- the smooth transformation of one image into another by computer, as in a motion picture.
Origin of morphing
- Linguistics. a sequence of phonemes constituting a minimal unit of grammar or syntax, and, as such, a representation, member, or contextual variant of a morpheme in a specific environment.Compare allomorph(def 2).
- Biology. an individual of one particular form, as a worker ant, in a species that occurs in two or more forms.
- to transform (an image) by computer.
- to be transformed: morphing from a tough negotiator to Mr. Friendly.
Origin of morph
Examples from the Web for morphing
As their grip loosens, the island, and particularly its capital city, is morphing into a fashionable, gorgeous hotbed of tourism.Palermo Is Not Just for the Mafia Anymore
August 18, 2014
It is a symptom of a morphing economy and a much more competitive global system.Fixing the Job Market
September 2, 2011
She was morphing into a sex symbol, and producers wanted to capitalize on her look.Jane Fonda’s New Biography: 14 Juicy Bits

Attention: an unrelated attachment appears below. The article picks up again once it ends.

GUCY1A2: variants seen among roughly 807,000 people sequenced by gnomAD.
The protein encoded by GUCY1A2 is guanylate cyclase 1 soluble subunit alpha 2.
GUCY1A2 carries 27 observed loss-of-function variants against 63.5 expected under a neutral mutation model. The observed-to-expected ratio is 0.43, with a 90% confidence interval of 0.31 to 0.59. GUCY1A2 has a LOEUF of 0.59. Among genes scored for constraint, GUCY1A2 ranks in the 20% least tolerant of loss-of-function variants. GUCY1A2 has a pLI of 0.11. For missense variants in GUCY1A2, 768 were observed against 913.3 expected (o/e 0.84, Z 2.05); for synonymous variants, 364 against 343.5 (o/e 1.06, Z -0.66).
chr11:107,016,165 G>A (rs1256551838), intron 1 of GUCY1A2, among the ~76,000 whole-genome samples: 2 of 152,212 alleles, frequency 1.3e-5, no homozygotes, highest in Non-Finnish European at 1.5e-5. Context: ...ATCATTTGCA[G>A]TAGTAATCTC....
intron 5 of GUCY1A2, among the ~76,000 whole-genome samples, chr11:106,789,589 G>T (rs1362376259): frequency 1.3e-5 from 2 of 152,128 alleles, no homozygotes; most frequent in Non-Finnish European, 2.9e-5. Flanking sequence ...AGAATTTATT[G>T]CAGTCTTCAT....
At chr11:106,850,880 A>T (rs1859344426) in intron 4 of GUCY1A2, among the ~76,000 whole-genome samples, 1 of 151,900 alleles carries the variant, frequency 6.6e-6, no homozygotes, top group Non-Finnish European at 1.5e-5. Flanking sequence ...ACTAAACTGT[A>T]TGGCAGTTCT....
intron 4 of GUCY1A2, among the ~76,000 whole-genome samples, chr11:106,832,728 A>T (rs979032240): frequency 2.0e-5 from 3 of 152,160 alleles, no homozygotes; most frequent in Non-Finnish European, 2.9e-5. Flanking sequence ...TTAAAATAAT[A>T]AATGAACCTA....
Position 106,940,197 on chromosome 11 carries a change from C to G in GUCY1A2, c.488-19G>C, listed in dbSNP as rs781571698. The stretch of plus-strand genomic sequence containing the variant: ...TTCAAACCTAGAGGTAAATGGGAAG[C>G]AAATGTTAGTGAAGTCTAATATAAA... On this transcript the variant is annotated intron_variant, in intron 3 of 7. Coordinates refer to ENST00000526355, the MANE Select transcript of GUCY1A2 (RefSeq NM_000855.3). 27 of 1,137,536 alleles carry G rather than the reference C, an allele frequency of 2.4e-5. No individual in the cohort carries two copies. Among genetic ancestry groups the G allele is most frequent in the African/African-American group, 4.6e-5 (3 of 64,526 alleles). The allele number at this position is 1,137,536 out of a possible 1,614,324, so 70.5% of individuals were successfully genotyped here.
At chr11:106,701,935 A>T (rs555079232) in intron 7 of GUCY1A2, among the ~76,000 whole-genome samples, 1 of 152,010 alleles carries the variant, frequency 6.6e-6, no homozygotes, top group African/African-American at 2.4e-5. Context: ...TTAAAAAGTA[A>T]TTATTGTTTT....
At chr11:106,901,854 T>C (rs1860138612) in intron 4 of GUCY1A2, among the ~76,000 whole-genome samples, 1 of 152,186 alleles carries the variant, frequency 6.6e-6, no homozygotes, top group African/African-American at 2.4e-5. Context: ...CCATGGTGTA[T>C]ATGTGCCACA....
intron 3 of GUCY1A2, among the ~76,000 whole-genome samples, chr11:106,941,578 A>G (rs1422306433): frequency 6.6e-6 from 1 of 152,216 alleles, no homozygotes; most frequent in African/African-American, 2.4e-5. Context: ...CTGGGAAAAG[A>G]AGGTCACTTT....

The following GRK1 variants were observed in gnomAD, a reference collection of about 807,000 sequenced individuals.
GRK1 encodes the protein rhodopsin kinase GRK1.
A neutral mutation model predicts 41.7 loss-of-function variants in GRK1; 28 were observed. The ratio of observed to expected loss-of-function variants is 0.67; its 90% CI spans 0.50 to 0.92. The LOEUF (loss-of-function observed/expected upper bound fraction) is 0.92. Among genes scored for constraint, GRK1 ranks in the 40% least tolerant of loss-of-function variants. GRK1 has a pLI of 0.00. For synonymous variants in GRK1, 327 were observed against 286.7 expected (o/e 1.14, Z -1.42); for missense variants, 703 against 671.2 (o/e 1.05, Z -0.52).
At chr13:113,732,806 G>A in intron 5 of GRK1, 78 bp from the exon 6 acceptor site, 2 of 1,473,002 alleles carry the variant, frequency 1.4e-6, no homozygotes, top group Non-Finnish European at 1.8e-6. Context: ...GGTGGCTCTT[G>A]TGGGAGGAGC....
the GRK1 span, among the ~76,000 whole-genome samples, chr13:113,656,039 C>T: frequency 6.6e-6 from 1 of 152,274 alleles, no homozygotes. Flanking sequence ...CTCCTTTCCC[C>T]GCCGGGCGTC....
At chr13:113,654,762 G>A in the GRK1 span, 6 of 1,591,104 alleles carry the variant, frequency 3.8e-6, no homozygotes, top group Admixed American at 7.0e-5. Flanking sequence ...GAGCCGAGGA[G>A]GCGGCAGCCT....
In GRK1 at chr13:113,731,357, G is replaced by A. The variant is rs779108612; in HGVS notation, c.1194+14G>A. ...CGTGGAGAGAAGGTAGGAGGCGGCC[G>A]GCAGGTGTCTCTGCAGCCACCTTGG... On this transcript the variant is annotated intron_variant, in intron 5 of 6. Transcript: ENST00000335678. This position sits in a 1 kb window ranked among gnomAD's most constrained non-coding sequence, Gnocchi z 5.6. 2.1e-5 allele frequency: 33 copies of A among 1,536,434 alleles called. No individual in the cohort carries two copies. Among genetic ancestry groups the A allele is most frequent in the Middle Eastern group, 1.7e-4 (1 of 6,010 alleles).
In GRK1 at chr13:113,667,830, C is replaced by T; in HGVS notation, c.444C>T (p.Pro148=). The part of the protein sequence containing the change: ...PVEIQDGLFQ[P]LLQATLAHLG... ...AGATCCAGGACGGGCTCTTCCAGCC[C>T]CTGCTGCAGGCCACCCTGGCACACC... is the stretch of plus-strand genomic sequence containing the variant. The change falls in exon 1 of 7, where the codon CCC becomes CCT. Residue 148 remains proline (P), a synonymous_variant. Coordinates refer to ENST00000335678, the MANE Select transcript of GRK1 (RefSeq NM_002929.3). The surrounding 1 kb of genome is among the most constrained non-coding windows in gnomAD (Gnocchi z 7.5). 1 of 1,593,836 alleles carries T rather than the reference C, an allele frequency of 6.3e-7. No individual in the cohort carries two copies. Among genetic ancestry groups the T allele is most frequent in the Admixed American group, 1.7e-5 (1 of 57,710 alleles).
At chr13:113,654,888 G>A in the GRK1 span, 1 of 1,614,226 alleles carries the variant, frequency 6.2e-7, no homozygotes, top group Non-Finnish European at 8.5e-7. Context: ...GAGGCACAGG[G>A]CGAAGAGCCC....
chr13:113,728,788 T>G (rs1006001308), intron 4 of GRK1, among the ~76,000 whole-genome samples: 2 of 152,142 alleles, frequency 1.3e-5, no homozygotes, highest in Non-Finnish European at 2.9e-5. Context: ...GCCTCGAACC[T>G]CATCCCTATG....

August 23, 2011
For a year now, Sarah Palin, Glenn Beck and their minions have been warning that America is morphing into a police state.The Tea Party's Immigration Hypocrisy
April 30, 2010
A new poll shows how the wingnut fringe is morphing into rank-and-file Republicanism.The Scary, Growing GOP Fringe
February 3, 2010
- a computer technique used for graphics and in films, in which one image is gradually transformed into another image without individual changes being noticeable in the process
- linguistics the phonological representation of a morpheme
- biology any of the different forms of individual found in a polymorphic species
- to undergo or cause to undergo morphing
- to transform or be transformed completely in appearance or characterhe morphed from nerd into pop icon
- a morphed image
Word Origin and History for morphing
as a noun, in biology, 1955; as a verb, in cinematic special effects, c.1987, short for metamorphosis. Related: Morphed; morphing. Earlier it was a slang shortening of morphine (1912).
- A phenotypically distinct form of an organism or species.